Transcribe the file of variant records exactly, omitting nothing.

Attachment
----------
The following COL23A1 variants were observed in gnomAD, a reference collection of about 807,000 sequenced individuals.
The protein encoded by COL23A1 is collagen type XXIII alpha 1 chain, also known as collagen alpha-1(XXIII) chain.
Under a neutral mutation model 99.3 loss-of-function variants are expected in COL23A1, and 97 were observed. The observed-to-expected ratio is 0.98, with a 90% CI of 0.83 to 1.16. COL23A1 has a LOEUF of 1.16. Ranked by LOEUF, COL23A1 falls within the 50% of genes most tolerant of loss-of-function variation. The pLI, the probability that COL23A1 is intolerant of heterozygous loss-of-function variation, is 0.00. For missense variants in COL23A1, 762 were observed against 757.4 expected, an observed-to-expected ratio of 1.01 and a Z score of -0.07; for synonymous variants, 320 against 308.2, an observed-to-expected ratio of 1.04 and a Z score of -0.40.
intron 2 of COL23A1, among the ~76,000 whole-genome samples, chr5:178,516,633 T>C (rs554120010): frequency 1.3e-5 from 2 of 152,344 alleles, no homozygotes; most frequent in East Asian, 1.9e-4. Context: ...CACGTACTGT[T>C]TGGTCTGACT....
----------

The following COL23A1 variants were observed in gnomAD, a reference collection of about 807,000 sequenced individuals.
The protein encoded by COL23A1 is collagen type XXIII alpha 1 chain, also known as collagen alpha-1(XXIII) chain.
Under a neutral mutation model 99.3 loss-of-function variants are expected in COL23A1, and 97 were observed. The observed-to-expected ratio is 0.98, with a 90% CI of 0.83 to 1.16. COL23A1 has a LOEUF of 1.16. Ranked by LOEUF, COL23A1 falls within the 50% of genes most tolerant of loss-of-function variation. The pLI, the probability that COL23A1 is intolerant of heterozygous loss-of-function variation, is 0.00. For missense variants in COL23A1, 762 were observed against 757.4 expected, an observed-to-expected ratio of 1.01 and a Z score of -0.07; for synonymous variants, 320 against 308.2, an observed-to-expected ratio of 1.04 and a Z score of -0.40.
intron 2 of COL23A1, among the ~76,000 whole-genome samples, chr5:178,516,633 T>C (rs554120010): frequency 1.3e-5 from 2 of 152,344 alleles, no homozygotes; most frequent in East Asian, 1.9e-4. Context: ...CACGTACTGT[T>C]TGGTCTGACT....